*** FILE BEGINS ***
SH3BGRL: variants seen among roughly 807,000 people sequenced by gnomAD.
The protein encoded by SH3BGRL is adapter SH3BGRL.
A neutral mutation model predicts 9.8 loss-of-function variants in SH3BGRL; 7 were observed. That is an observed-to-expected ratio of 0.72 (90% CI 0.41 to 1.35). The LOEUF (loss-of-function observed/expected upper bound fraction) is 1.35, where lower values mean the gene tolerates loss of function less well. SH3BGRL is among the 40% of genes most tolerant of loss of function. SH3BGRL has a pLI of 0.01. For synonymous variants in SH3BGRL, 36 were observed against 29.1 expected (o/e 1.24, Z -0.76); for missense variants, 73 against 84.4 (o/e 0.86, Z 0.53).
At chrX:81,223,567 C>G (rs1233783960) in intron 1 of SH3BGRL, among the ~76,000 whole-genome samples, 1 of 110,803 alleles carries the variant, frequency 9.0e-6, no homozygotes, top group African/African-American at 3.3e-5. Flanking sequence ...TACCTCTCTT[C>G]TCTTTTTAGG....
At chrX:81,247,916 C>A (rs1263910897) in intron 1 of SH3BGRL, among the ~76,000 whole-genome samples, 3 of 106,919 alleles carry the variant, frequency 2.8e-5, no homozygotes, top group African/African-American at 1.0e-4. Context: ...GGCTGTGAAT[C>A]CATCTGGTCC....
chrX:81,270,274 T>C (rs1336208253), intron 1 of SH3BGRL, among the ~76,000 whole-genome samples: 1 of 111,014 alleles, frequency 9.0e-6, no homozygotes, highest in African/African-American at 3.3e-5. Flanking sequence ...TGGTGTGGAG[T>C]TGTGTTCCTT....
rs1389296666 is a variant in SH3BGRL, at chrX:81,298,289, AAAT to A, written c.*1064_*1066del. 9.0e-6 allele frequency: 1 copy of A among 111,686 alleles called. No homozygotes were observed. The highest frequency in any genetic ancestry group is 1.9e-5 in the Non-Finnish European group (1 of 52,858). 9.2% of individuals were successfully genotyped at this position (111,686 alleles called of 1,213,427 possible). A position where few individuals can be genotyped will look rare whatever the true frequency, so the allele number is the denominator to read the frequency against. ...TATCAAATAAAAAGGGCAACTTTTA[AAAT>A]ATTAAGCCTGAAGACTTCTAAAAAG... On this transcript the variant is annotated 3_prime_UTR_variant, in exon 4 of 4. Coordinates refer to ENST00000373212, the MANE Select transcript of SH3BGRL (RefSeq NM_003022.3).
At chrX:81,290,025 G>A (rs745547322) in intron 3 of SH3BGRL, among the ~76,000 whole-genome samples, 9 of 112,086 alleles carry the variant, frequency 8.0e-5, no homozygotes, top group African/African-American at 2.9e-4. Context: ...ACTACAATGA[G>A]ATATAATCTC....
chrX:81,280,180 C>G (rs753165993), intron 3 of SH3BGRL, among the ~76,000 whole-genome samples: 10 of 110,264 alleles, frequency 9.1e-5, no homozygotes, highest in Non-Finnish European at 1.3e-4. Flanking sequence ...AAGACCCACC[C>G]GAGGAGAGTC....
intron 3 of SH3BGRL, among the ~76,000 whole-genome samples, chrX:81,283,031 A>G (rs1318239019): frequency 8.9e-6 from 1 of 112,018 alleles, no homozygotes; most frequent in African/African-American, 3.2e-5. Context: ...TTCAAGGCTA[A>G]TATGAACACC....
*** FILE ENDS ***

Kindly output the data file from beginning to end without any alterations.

SH3BGRL: variants seen among roughly 807,000 people sequenced by gnomAD.
The protein encoded by SH3BGRL is adapter SH3BGRL.
A neutral mutation model predicts 9.8 loss-of-function variants in SH3BGRL; 7 were observed. That is an observed-to-expected ratio of 0.72 (90% CI 0.41 to 1.35). The LOEUF (loss-of-function observed/expected upper bound fraction) is 1.35, where lower values mean the gene tolerates loss of function less well. SH3BGRL is among the 40% of genes most tolerant of loss of function. SH3BGRL has a pLI of 0.01. For synonymous variants in SH3BGRL, 36 were observed against 29.1 expected (o/e 1.24, Z -0.76); for missense variants, 73 against 84.4 (o/e 0.86, Z 0.53).
At chrX:81,223,567 C>G (rs1233783960) in intron 1 of SH3BGRL, among the ~76,000 whole-genome samples, 1 of 110,803 alleles carries the variant, frequency 9.0e-6, no homozygotes, top group African/African-American at 3.3e-5. Flanking sequence ...TACCTCTCTT[C>G]TCTTTTTAGG....
At chrX:81,247,916 C>A (rs1263910897) in intron 1 of SH3BGRL, among the ~76,000 whole-genome samples, 3 of 106,919 alleles carry the variant, frequency 2.8e-5, no homozygotes, top group African/African-American at 1.0e-4. Context: ...GGCTGTGAAT[C>A]CATCTGGTCC....
chrX:81,270,274 T>C (rs1336208253), intron 1 of SH3BGRL, among the ~76,000 whole-genome samples: 1 of 111,014 alleles, frequency 9.0e-6, no homozygotes, highest in African/African-American at 3.3e-5. Flanking sequence ...TGGTGTGGAG[T>C]TGTGTTCCTT....
rs1389296666 is a variant in SH3BGRL, at chrX:81,298,289, AAAT to A, written c.*1064_*1066del. 9.0e-6 allele frequency: 1 copy of A among 111,686 alleles called. No homozygotes were observed. The highest frequency in any genetic ancestry group is 1.9e-5 in the Non-Finnish European group (1 of 52,858). 9.2% of individuals were successfully genotyped at this position (111,686 alleles called of 1,213,427 possible). A position where few individuals can be genotyped will look rare whatever the true frequency, so the allele number is the denominator to read the frequency against. ...TATCAAATAAAAAGGGCAACTTTTA[AAAT>A]ATTAAGCCTGAAGACTTCTAAAAAG... On this transcript the variant is annotated 3_prime_UTR_variant, in exon 4 of 4. Coordinates refer to ENST00000373212, the MANE Select transcript of SH3BGRL (RefSeq NM_003022.3).
At chrX:81,290,025 G>A (rs745547322) in intron 3 of SH3BGRL, among the ~76,000 whole-genome samples, 9 of 112,086 alleles carry the variant, frequency 8.0e-5, no homozygotes, top group African/African-American at 2.9e-4. Context: ...ACTACAATGA[G>A]ATATAATCTC....
chrX:81,280,180 C>G (rs753165993), intron 3 of SH3BGRL, among the ~76,000 whole-genome samples: 10 of 110,264 alleles, frequency 9.1e-5, no homozygotes, highest in Non-Finnish European at 1.3e-4. Flanking sequence ...AAGACCCACC[C>G]GAGGAGAGTC....
intron 3 of SH3BGRL, among the ~76,000 whole-genome samples, chrX:81,283,031 A>G (rs1318239019): frequency 8.9e-6 from 1 of 112,018 alleles, no homozygotes; most frequent in African/African-American, 3.2e-5. Context: ...TTCAAGGCTA[A>G]TATGAACACC....